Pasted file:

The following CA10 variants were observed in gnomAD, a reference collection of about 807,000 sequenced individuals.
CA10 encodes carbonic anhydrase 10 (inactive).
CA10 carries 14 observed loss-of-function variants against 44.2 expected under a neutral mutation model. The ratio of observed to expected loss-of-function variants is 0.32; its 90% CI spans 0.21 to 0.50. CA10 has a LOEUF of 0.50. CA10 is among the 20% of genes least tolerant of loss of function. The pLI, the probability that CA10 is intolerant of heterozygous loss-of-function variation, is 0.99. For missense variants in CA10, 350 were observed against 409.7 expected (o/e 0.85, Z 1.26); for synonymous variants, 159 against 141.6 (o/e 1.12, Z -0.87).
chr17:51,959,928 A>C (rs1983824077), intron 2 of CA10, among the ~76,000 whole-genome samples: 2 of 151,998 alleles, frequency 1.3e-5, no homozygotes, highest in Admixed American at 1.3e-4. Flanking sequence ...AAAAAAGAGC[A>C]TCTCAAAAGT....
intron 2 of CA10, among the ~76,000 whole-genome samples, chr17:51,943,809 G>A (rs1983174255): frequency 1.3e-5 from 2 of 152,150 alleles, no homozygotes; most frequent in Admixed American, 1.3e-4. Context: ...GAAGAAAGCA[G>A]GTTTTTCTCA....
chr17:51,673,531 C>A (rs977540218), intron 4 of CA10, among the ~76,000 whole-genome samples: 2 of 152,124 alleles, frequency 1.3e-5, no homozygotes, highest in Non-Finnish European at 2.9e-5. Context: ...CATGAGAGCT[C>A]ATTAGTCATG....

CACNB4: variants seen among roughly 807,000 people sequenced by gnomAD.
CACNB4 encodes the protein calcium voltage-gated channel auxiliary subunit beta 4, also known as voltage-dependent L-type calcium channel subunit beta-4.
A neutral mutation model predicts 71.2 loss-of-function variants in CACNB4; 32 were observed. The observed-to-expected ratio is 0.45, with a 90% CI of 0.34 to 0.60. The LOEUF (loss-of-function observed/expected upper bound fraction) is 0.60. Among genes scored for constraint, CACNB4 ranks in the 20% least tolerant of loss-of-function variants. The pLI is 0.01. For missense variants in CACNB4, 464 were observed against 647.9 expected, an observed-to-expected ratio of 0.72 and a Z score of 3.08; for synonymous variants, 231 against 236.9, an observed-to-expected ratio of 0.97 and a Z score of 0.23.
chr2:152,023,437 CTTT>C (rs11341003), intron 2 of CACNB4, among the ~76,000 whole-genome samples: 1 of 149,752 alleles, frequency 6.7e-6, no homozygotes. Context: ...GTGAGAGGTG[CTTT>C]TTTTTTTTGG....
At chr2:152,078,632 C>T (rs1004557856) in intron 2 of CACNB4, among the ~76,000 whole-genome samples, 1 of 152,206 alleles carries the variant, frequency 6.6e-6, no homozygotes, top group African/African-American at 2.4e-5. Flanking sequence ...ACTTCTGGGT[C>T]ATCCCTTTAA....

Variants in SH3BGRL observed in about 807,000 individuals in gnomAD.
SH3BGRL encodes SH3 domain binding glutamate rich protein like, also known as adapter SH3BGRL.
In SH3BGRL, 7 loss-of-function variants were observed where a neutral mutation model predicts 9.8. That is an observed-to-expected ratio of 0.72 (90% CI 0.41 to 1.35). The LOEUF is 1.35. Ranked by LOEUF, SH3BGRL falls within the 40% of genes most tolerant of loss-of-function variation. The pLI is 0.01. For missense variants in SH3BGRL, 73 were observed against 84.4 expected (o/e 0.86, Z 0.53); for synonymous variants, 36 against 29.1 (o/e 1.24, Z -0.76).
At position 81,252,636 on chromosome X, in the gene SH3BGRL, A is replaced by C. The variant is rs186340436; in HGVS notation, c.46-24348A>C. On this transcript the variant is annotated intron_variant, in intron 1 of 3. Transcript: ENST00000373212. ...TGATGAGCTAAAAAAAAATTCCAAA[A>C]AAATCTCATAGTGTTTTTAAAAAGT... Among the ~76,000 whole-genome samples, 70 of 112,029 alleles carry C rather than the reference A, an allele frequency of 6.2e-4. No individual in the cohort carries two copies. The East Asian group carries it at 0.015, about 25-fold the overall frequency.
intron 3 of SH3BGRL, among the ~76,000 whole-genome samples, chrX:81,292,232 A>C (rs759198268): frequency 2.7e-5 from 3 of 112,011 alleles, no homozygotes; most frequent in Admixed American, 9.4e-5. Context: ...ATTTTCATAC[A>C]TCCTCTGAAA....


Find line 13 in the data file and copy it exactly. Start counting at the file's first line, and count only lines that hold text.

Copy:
SH3BGRL encodes SH3 domain binding glutamate rich protein like, also known as adapter SH3BGRL.